Unfortunately, the white elephant in the room and that the very problem we are trying to solve is inherently self-caused. Within NHS IT, we have very little say in technologies or vendors that are adopted by clinicians. Most CIO’s within the NHS are not on the board and are simply overridden in decision making by senior clinicians who buy into the vendors sales pitches.
When attempting to counter this with reasoned technical discussions, the “clinical risk” card is played which trumps any and all arguments and gets the clinicians the systems they want with little or no understanding of the technical consequences.
This merry-go-round has no end in sight however. Most technical teams know how to achieve benefits and would greatly embrace more open-source solutions, but until IT has the power to say no we will be stuck with a heavily fragmented IT infrastructure, closed systems and vendors rubbing their hands in glee at the thought of locked-in data.
More Open Sorcery
25 September 2017 @ 00:53
Back in 2014 Gartner described openEHR as an immature standard (see page 25 of https://www.regjeringen.no/contentassets/355890dd2872413b838066702dcdad88/gartner_survey_ehr_suppliers_systems_norwegian_market.pdf )
Now we have Gartner’s Mike Jones waxing lyrical about an openEHR based product with somewhat dubious ‘open’ credentials.
What has changed in openEHR to change Gartners’ assessment?
29 September 2017 @ 10:53
Ummmm…..3 years and a track record of implementations? Technological innovation continues and learning from other sectors such as ERP. There’s nothing worong with changing you mind from the evidence (we are supposed to be working in medicine after all…).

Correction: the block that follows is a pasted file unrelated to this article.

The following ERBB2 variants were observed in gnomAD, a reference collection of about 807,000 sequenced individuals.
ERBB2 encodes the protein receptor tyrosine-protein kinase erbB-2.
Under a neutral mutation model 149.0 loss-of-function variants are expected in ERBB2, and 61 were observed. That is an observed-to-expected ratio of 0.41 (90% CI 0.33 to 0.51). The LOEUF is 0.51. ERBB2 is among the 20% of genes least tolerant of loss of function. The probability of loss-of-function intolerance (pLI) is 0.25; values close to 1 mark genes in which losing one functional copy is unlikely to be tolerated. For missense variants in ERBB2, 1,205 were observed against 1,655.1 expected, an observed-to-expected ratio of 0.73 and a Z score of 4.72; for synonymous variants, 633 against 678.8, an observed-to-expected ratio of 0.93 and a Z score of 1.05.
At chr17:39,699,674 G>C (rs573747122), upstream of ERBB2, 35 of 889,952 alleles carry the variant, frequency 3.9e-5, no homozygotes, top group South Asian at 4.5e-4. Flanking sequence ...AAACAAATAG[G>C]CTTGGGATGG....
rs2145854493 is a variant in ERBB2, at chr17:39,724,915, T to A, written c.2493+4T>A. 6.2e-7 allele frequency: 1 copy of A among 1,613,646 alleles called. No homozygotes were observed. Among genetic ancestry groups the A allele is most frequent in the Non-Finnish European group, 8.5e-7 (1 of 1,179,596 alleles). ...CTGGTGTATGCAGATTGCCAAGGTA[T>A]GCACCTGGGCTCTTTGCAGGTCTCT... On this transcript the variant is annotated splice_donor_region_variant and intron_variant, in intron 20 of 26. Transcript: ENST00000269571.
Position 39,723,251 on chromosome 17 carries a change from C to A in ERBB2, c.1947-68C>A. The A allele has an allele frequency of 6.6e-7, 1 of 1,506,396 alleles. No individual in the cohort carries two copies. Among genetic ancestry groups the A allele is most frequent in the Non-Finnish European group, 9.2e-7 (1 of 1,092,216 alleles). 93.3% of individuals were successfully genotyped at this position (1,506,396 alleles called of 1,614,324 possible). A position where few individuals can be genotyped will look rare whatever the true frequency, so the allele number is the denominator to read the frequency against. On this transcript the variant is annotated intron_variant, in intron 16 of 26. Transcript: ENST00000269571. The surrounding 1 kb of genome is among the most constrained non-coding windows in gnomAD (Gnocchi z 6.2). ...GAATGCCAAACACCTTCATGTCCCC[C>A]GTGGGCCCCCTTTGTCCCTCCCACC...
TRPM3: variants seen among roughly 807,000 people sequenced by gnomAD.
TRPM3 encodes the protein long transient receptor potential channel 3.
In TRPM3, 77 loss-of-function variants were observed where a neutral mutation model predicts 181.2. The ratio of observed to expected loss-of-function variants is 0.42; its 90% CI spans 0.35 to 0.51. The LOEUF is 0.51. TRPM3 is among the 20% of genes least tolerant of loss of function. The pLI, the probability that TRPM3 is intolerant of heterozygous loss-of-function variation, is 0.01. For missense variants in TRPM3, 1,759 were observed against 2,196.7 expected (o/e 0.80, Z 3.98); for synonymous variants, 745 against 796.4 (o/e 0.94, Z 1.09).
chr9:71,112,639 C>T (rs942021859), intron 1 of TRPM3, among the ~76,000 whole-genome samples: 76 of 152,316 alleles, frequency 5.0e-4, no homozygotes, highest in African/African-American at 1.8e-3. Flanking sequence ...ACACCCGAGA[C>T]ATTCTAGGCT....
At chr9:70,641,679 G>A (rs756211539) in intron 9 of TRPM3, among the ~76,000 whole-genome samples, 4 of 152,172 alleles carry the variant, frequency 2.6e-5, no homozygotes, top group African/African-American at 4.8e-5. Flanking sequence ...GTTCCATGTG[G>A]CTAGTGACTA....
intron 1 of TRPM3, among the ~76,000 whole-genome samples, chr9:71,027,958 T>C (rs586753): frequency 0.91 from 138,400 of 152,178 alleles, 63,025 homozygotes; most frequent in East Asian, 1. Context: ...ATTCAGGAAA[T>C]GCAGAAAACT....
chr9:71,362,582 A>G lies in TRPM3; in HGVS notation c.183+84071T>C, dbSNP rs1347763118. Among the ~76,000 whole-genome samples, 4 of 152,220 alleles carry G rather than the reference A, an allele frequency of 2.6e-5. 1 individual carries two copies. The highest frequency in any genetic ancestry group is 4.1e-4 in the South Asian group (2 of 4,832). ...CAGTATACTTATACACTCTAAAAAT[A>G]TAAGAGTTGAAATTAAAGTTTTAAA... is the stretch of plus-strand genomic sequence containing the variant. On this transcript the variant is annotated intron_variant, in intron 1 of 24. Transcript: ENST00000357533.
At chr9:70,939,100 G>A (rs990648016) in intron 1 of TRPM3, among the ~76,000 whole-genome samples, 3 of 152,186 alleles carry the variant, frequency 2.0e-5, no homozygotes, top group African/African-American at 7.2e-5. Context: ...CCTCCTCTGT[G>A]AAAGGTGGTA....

Silje Ljosland Bakke
29 September 2017 @ 18:55
Unfortunately the report Gartner made for the Norwegian government in 2014 had several misunderstandings and errors about this topic.
24 September 2017 @ 14:13
Agree with all of the above comments. Let’s not also forget that the NHS is breaking at the seams and that it is struggling to provide basic care and follow up for NHS patients.
Last I heard the NHS has 1% of its budget set aside for digital tech and it has 0% for innovation.
It is unrealistic to think that in this climate (particularly with primary care about to collapse), that any meaningful change is going to happen any time soon.
What health secretary/NHS leader would back large IT projects when they have such a history of failing AND when they could use that money to recruit more nurses and doctors needed to carry out the fundamental duties of the NHS?
23 September 2017 @ 18:20
This reads like promotional content. The problem isn’t that the systems are closed in fact some are far from it. The problem is one of a number of things :
– Failure to get a grip on the basics of the DPA and consent – God help us when GDPR comes in.
– NHS Paternalism and layers of bureaucracy between APIs and patients / industry.
– Bad or poorly managed contracts that don’t get APIs out there fast enough or at all.
– Relating to contracts lack of API neutrality enabling suppliers to pick and choose who they want to work with rather than the NHS.
– The Obsession with debating perfectionism rather than getting on and doing something useful with what we already have today.
– Every organisation reinventing the same wheel & “not invented here syndrome”.
– Waiting for national components like Identity which take years and are always late when things can be done locally today.
The two main GP systems EMIS and TPP have APIs albeit some of them are legacy and clunky but we’re only talking about 2 systems we have to work with! They even have local identity processes and patient facing APIs. As a patient I have yet to get to my data in a useful format despite this capability being available for years.
Major hospital system vendors typically have comprehensive APIs. The likes of EPIC, Cerner , etc. have all kinds of services, even patient facing services. These are up and running in other countries just not the NHS it seems. More worryingly these same hospitals are buying new solutions to enable them to send patients encrypted emails for GDPR. WHY!?!